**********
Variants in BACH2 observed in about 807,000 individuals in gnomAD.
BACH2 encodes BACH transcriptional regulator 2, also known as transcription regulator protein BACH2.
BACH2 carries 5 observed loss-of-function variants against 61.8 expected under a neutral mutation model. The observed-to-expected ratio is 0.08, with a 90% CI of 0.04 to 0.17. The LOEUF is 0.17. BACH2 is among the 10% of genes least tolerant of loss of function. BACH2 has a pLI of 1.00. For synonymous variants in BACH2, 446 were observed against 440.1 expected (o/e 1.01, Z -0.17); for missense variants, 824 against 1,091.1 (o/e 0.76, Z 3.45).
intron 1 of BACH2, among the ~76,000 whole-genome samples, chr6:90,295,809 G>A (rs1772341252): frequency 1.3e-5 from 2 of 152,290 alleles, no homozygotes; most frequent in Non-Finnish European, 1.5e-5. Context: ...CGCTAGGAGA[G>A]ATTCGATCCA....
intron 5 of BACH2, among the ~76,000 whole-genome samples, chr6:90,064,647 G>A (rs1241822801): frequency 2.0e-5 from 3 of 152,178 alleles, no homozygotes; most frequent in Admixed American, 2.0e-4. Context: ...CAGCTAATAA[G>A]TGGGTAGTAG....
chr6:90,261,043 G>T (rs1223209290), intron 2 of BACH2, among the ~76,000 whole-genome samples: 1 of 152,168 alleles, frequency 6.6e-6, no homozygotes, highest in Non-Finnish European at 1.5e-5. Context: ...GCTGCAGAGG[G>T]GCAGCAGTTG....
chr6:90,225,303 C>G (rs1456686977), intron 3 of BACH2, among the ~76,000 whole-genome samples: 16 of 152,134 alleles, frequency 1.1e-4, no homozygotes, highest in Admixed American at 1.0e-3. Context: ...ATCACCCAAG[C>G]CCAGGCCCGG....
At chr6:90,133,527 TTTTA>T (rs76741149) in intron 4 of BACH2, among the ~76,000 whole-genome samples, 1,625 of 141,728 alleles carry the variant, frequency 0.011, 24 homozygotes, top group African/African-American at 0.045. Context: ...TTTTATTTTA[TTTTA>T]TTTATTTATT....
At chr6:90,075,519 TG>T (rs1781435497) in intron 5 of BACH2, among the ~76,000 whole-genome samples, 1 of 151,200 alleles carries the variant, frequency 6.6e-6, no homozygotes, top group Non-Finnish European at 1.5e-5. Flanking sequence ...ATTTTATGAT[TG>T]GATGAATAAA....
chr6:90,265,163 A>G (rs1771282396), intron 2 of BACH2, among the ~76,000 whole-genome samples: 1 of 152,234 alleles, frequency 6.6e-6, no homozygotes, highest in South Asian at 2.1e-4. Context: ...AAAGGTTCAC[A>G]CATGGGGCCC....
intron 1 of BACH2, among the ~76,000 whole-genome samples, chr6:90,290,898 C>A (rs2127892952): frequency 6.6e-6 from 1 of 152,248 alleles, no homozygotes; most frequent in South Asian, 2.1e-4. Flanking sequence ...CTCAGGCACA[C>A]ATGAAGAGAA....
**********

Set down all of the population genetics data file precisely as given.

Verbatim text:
Variants in BACH2 observed in about 807,000 individuals in gnomAD.
BACH2 encodes BACH transcriptional regulator 2, also known as transcription regulator protein BACH2.
BACH2 carries 5 observed loss-of-function variants against 61.8 expected under a neutral mutation model. The observed-to-expected ratio is 0.08, with a 90% CI of 0.04 to 0.17. The LOEUF is 0.17. BACH2 is among the 10% of genes least tolerant of loss of function. BACH2 has a pLI of 1.00. For synonymous variants in BACH2, 446 were observed against 440.1 expected (o/e 1.01, Z -0.17); for missense variants, 824 against 1,091.1 (o/e 0.76, Z 3.45).
intron 1 of BACH2, among the ~76,000 whole-genome samples, chr6:90,295,809 G>A (rs1772341252): frequency 1.3e-5 from 2 of 152,290 alleles, no homozygotes; most frequent in Non-Finnish European, 1.5e-5. Context: ...CGCTAGGAGA[G>A]ATTCGATCCA....
intron 5 of BACH2, among the ~76,000 whole-genome samples, chr6:90,064,647 G>A (rs1241822801): frequency 2.0e-5 from 3 of 152,178 alleles, no homozygotes; most frequent in Admixed American, 2.0e-4. Context: ...CAGCTAATAA[G>A]TGGGTAGTAG....
chr6:90,261,043 G>T (rs1223209290), intron 2 of BACH2, among the ~76,000 whole-genome samples: 1 of 152,168 alleles, frequency 6.6e-6, no homozygotes, highest in Non-Finnish European at 1.5e-5. Context: ...GCTGCAGAGG[G>T]GCAGCAGTTG....
chr6:90,225,303 C>G (rs1456686977), intron 3 of BACH2, among the ~76,000 whole-genome samples: 16 of 152,134 alleles, frequency 1.1e-4, no homozygotes, highest in Admixed American at 1.0e-3. Context: ...ATCACCCAAG[C>G]CCAGGCCCGG....
At chr6:90,133,527 TTTTA>T (rs76741149) in intron 4 of BACH2, among the ~76,000 whole-genome samples, 1,625 of 141,728 alleles carry the variant, frequency 0.011, 24 homozygotes, top group African/African-American at 0.045. Context: ...TTTTATTTTA[TTTTA>T]TTTATTTATT....
At chr6:90,075,519 TG>T (rs1781435497) in intron 5 of BACH2, among the ~76,000 whole-genome samples, 1 of 151,200 alleles carries the variant, frequency 6.6e-6, no homozygotes, top group Non-Finnish European at 1.5e-5. Flanking sequence ...ATTTTATGAT[TG>T]GATGAATAAA....
chr6:90,265,163 A>G (rs1771282396), intron 2 of BACH2, among the ~76,000 whole-genome samples: 1 of 152,234 alleles, frequency 6.6e-6, no homozygotes, highest in South Asian at 2.1e-4. Context: ...AAAGGTTCAC[A>G]CATGGGGCCC....
intron 1 of BACH2, among the ~76,000 whole-genome samples, chr6:90,290,898 C>A (rs2127892952): frequency 6.6e-6 from 1 of 152,248 alleles, no homozygotes; most frequent in South Asian, 2.1e-4. Flanking sequence ...CTCAGGCACA[C>A]ATGAAGAGAA....